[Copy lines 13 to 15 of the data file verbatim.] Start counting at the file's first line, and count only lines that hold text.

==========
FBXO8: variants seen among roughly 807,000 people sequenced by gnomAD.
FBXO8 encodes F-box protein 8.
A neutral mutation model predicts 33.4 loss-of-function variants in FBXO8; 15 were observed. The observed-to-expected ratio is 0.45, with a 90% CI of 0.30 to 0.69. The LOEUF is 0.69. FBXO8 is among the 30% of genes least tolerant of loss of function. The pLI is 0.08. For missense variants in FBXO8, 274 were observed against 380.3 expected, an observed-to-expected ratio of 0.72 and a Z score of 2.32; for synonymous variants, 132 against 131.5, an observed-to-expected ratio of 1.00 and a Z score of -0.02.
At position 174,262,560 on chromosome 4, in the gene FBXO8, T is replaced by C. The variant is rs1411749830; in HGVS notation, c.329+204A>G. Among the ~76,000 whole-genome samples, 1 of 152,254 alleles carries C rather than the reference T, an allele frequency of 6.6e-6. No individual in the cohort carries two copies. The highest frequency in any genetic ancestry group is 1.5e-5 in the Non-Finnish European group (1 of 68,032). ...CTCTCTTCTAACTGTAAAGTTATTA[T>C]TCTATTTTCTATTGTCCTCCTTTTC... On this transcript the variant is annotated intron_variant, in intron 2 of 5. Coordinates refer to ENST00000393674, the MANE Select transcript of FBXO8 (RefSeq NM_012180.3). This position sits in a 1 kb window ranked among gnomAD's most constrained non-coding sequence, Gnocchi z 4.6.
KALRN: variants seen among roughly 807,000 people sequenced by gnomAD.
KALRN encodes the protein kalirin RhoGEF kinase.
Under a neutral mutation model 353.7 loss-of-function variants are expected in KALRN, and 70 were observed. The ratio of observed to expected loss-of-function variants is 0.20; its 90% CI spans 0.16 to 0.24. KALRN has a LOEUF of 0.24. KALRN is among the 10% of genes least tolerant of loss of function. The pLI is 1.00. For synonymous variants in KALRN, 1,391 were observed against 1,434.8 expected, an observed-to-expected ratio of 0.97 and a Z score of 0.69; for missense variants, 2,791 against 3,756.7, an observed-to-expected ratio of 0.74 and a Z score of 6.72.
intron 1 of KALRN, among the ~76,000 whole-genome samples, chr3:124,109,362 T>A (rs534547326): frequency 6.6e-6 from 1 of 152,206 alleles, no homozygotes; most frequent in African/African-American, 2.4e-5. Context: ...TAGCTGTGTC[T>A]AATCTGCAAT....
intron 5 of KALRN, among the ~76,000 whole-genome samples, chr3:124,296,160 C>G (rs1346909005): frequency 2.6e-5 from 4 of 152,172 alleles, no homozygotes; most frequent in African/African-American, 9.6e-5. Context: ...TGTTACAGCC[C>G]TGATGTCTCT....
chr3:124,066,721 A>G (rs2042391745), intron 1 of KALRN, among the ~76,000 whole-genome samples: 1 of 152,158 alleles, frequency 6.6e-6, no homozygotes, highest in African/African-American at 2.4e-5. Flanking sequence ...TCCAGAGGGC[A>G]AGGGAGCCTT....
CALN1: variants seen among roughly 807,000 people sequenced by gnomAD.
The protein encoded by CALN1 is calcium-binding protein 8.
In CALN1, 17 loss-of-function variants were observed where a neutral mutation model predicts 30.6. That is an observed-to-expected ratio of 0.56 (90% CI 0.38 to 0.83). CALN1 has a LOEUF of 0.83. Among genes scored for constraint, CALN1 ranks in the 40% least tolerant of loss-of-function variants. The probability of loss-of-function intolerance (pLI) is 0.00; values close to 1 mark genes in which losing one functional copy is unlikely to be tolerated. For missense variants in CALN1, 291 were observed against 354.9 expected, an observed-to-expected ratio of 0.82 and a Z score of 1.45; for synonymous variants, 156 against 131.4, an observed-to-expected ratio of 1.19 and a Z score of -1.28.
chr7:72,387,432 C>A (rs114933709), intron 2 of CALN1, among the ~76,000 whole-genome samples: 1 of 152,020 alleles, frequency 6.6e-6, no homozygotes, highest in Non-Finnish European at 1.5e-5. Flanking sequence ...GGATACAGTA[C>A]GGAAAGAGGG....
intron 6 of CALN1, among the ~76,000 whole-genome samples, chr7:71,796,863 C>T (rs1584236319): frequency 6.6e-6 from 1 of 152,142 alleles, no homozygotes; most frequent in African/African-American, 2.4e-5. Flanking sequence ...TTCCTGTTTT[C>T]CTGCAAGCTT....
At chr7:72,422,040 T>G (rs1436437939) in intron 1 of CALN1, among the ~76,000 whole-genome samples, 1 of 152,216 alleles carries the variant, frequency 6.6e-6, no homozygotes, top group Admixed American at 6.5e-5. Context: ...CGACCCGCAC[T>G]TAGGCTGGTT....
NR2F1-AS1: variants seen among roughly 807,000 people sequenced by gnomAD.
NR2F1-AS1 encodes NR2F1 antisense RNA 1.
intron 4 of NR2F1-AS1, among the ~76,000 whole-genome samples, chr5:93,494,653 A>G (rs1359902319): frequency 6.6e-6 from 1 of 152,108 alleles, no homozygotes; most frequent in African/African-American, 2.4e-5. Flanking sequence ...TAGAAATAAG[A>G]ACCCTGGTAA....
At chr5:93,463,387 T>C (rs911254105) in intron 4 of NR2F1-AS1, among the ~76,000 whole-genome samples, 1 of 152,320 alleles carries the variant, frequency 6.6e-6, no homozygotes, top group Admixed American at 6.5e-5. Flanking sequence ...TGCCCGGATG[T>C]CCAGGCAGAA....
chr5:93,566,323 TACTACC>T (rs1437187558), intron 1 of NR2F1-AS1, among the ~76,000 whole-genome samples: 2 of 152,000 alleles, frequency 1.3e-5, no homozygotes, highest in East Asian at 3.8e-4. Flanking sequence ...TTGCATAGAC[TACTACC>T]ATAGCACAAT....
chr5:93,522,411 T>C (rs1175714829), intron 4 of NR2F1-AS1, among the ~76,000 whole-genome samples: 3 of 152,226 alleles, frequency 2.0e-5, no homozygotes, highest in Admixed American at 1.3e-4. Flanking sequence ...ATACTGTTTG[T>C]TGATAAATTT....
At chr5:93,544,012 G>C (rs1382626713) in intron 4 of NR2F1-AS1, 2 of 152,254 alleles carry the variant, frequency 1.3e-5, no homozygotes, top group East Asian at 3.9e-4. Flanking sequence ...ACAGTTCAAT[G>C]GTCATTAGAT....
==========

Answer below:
In CALN1, 17 loss-of-function variants were observed where a neutral mutation model predicts 30.6. That is an observed-to-expected ratio of 0.56 (90% CI 0.38 to 0.83). CALN1 has a LOEUF of 0.83. Among genes scored for constraint, CALN1 ranks in the 40% least tolerant of loss-of-function variants. The probability of loss-of-function intolerance (pLI) is 0.00; values close to 1 mark genes in which losing one functional copy is unlikely to be tolerated. For missense variants in CALN1, 291 were observed against 354.9 expected, an observed-to-expected ratio of 0.82 and a Z score of 1.45; for synonymous variants, 156 against 131.4, an observed-to-expected ratio of 1.19 and a Z score of -1.28.
chr7:72,387,432 C>A (rs114933709), intron 2 of CALN1, among the ~76,000 whole-genome samples: 1 of 152,020 alleles, frequency 6.6e-6, no homozygotes, highest in Non-Finnish European at 1.5e-5. Flanking sequence ...GGATACAGTA[C>A]GGAAAGAGGG....
intron 6 of CALN1, among the ~76,000 whole-genome samples, chr7:71,796,863 C>T (rs1584236319): frequency 6.6e-6 from 1 of 152,142 alleles, no homozygotes; most frequent in African/African-American, 2.4e-5. Flanking sequence ...TTCCTGTTTT[C>T]CTGCAAGCTT....